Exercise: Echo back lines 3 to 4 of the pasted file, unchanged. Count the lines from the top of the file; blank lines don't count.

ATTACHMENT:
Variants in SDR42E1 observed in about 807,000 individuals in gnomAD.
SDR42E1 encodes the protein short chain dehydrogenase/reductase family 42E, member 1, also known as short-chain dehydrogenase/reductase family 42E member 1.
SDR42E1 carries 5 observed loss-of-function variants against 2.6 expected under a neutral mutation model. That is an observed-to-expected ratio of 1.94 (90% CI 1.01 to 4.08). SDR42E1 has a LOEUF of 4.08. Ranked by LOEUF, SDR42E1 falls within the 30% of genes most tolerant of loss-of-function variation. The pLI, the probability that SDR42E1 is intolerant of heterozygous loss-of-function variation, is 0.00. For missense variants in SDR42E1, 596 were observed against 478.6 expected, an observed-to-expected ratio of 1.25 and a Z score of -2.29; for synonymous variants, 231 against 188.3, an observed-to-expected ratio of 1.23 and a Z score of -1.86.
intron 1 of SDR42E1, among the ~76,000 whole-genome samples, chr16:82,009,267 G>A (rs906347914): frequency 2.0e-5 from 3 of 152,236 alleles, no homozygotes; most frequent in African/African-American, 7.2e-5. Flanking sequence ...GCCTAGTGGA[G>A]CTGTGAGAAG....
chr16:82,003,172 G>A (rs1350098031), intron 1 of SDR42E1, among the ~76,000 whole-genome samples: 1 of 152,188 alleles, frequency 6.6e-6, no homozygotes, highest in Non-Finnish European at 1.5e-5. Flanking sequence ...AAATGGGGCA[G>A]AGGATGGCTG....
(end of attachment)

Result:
SDR42E1 carries 5 observed loss-of-function variants against 2.6 expected under a neutral mutation model. That is an observed-to-expected ratio of 1.94 (90% CI 1.01 to 4.08). SDR42E1 has a LOEUF of 4.08. Ranked by LOEUF, SDR42E1 falls within the 30% of genes most tolerant of loss-of-function variation. The pLI, the probability that SDR42E1 is intolerant of heterozygous loss-of-function variation, is 0.00. For missense variants in SDR42E1, 596 were observed against 478.6 expected, an observed-to-expected ratio of 1.25 and a Z score of -2.29; for synonymous variants, 231 against 188.3, an observed-to-expected ratio of 1.23 and a Z score of -1.86.
intron 1 of SDR42E1, among the ~76,000 whole-genome samples, chr16:82,009,267 G>A (rs906347914): frequency 2.0e-5 from 3 of 152,236 alleles, no homozygotes; most frequent in African/African-American, 7.2e-5. Flanking sequence ...GCCTAGTGGA[G>A]CTGTGAGAAG....